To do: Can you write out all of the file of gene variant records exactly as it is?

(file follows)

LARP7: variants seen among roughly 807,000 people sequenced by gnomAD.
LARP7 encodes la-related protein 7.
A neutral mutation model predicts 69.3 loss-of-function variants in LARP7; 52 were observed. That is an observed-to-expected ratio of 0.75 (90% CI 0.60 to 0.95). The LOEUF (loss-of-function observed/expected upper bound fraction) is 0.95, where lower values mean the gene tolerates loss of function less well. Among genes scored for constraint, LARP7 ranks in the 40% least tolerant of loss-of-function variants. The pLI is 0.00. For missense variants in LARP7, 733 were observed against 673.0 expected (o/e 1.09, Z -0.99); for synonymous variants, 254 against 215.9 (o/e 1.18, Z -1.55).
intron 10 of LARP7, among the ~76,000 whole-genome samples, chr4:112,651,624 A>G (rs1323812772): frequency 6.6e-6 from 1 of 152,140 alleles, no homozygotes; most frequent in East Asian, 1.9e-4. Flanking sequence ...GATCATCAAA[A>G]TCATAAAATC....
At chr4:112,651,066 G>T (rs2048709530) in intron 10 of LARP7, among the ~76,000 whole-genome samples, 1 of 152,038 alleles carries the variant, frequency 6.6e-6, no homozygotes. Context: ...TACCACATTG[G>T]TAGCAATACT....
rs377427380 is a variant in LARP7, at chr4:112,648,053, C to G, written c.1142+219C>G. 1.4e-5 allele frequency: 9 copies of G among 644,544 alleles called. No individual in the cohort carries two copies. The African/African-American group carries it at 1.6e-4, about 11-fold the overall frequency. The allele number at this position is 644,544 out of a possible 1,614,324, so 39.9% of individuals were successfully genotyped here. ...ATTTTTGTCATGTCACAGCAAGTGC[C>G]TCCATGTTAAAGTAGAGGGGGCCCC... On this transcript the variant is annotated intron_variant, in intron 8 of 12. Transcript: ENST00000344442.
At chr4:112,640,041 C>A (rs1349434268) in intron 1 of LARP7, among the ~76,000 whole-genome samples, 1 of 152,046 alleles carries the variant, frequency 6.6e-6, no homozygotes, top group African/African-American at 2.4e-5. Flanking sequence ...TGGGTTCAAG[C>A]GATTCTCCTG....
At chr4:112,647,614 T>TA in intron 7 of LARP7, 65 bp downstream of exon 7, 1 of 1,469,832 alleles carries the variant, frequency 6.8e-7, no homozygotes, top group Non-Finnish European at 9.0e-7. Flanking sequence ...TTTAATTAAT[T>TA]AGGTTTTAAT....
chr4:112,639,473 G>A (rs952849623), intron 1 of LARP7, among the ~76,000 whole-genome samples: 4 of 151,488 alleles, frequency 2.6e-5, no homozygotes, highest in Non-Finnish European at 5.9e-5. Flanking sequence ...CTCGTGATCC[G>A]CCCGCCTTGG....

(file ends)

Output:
LARP7: variants seen among roughly 807,000 people sequenced by gnomAD.
LARP7 encodes la-related protein 7.
A neutral mutation model predicts 69.3 loss-of-function variants in LARP7; 52 were observed. That is an observed-to-expected ratio of 0.75 (90% CI 0.60 to 0.95). The LOEUF (loss-of-function observed/expected upper bound fraction) is 0.95, where lower values mean the gene tolerates loss of function less well. Among genes scored for constraint, LARP7 ranks in the 40% least tolerant of loss-of-function variants. The pLI is 0.00. For missense variants in LARP7, 733 were observed against 673.0 expected (o/e 1.09, Z -0.99); for synonymous variants, 254 against 215.9 (o/e 1.18, Z -1.55).
intron 10 of LARP7, among the ~76,000 whole-genome samples, chr4:112,651,624 A>G (rs1323812772): frequency 6.6e-6 from 1 of 152,140 alleles, no homozygotes; most frequent in East Asian, 1.9e-4. Flanking sequence ...GATCATCAAA[A>G]TCATAAAATC....
At chr4:112,651,066 G>T (rs2048709530) in intron 10 of LARP7, among the ~76,000 whole-genome samples, 1 of 152,038 alleles carries the variant, frequency 6.6e-6, no homozygotes. Context: ...TACCACATTG[G>T]TAGCAATACT....
rs377427380 is a variant in LARP7, at chr4:112,648,053, C to G, written c.1142+219C>G. 1.4e-5 allele frequency: 9 copies of G among 644,544 alleles called. No individual in the cohort carries two copies. The African/African-American group carries it at 1.6e-4, about 11-fold the overall frequency. The allele number at this position is 644,544 out of a possible 1,614,324, so 39.9% of individuals were successfully genotyped here. ...ATTTTTGTCATGTCACAGCAAGTGC[C>G]TCCATGTTAAAGTAGAGGGGGCCCC... On this transcript the variant is annotated intron_variant, in intron 8 of 12. Transcript: ENST00000344442.
At chr4:112,640,041 C>A (rs1349434268) in intron 1 of LARP7, among the ~76,000 whole-genome samples, 1 of 152,046 alleles carries the variant, frequency 6.6e-6, no homozygotes, top group African/African-American at 2.4e-5. Flanking sequence ...TGGGTTCAAG[C>A]GATTCTCCTG....
At chr4:112,647,614 T>TA in intron 7 of LARP7, 65 bp downstream of exon 7, 1 of 1,469,832 alleles carries the variant, frequency 6.8e-7, no homozygotes, top group Non-Finnish European at 9.0e-7. Flanking sequence ...TTTAATTAAT[T>TA]AGGTTTTAAT....
chr4:112,639,473 G>A (rs952849623), intron 1 of LARP7, among the ~76,000 whole-genome samples: 4 of 151,488 alleles, frequency 2.6e-5, no homozygotes, highest in Non-Finnish European at 5.9e-5. Flanking sequence ...CTCGTGATCC[G>A]CCCGCCTTGG....